MTA to partner with private developers for more subway-station elevators
Disabled-accessibility plan keys on zoning incentives
At Brooklyn’s Hoyt-Schermerhorn Streets subway station on Friday, the MTA announced “Elevate Transit: Zoning for Accessibility,” a program to partner with private developers to design their buildings to include new elevators, new entrances and other accessible features leading to subway stations.
Briefly speaking, the developers who include elevators and other accessibility improvements would get the right to build denser, or higher, buildings than they would normally able to build under zoning restrictions. In the highest-density district, this “density bonus” to offset the cost of construction could be as much as 20 percent.
In return, the builders would have to provide an easement, or permanent access to a piece of property that would give the MTA access to work at the site. Because the access that the easement provides, the city would be spared the huge costs of temporarily relocating underground pipes, cables and so on, according to the MTA.
The city’s “transit improvement bonus,” as it’s known, is currently available only in a few relatively small areas, mainly in Manhattan. But the MTA’s new incentive would expand it to other high-density areas throughout the city, such as Downtown Brooklyn.
“This is a unique collaboration between the city, the MTA and the disability rights community,” said MTA Construction and Development President Janno Lieber at the news conference.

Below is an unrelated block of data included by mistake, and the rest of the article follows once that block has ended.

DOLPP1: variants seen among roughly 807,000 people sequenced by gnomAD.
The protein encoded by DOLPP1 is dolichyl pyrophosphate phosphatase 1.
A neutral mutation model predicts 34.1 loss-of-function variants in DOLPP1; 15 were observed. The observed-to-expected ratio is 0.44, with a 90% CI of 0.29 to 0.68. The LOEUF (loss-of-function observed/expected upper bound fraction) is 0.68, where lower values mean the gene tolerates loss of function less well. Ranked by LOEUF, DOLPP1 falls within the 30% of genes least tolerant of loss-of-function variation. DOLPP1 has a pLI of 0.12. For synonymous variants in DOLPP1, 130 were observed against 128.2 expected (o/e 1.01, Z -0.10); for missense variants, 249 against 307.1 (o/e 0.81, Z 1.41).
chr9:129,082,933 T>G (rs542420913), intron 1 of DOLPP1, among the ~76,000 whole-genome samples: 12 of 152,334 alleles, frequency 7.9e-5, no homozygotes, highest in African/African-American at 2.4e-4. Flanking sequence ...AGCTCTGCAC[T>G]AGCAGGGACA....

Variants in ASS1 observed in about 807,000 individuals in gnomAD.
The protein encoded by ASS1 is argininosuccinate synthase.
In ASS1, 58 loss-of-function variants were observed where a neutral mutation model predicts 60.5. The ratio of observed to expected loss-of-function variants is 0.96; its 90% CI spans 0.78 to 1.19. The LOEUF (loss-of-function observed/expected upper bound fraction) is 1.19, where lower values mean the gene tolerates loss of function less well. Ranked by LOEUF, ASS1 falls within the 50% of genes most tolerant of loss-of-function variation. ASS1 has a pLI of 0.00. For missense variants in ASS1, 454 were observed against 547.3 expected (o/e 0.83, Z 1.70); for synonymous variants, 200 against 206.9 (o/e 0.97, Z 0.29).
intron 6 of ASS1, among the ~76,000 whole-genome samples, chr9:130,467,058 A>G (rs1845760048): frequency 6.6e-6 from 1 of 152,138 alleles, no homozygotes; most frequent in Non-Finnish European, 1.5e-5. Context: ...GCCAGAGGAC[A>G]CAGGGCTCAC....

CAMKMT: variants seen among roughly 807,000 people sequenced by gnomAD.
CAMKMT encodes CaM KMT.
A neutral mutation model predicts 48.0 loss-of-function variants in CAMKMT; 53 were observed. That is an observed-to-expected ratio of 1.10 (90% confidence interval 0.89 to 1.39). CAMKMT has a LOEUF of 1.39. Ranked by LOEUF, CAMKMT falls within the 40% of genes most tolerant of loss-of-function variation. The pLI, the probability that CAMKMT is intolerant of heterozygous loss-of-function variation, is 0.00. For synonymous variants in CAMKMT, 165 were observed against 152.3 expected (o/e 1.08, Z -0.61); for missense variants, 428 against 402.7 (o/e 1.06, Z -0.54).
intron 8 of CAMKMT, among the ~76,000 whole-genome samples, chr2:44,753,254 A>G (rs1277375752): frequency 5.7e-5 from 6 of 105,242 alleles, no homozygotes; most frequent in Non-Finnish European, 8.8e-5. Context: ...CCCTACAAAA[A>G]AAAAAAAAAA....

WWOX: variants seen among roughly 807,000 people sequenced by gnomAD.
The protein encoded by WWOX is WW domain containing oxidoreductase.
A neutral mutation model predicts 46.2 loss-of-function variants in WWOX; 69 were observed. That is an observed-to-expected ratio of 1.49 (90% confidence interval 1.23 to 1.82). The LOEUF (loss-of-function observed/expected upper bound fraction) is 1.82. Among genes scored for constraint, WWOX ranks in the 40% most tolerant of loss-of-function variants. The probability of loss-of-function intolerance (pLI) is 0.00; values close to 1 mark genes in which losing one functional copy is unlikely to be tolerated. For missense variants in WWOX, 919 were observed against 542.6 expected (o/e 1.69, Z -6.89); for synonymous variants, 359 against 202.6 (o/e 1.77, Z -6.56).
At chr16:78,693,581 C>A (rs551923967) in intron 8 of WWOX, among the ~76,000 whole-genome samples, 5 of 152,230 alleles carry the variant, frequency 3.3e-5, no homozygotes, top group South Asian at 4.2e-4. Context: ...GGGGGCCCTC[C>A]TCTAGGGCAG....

Last year, the MTA opened 11 subway elevators throughout the city and signed contracts to build another eight each September, he added.
MTA Chief Accessibility Officer Quemuel Arroyo, whom Lieber called “Q,” applauded the progress that has been made so far, but he added that “Out of the subway system’s 472 stations, only 171 have elevators. Out of the Staten Island Railroad’s 21 stations, only five have elevators.” More elevators in the system would help “seniors, parents who use strollers, and wheelchair users like me,” he said.
As mentioned above, the new plan will require developers of sites adjacent to subway, Staten Island Railway, Long Island Rail Road, and Metro-North Railroad stations within New York City to consult with the MTA first to determine whether the MTA needs an easement for future accessibility projects at the adjacent station.
If the MTA determines an easement is necessary, the developer would receive targeted zoning relief to compensate for the space needed for the easement.
Subway elevators and escalators, and subway-station entrances, within private developers are not new. There is such an elevator at Barclays Center that is owned by BSE Global which owns and manages the sports complex itself. Another is the elevator at Hoyt-Schermerhorn itself, which played a central part in Friday’s press conference. It was built in 2018 by Rose Associates, which at the time was constructing a residential tower next to the station.
The announcement was also sponsored by the Mayor’s Office for People with Disabilities and the NYC Department of City Planning. The Hoyt-Schermerhorn Streets station serves the A, C and G lines.
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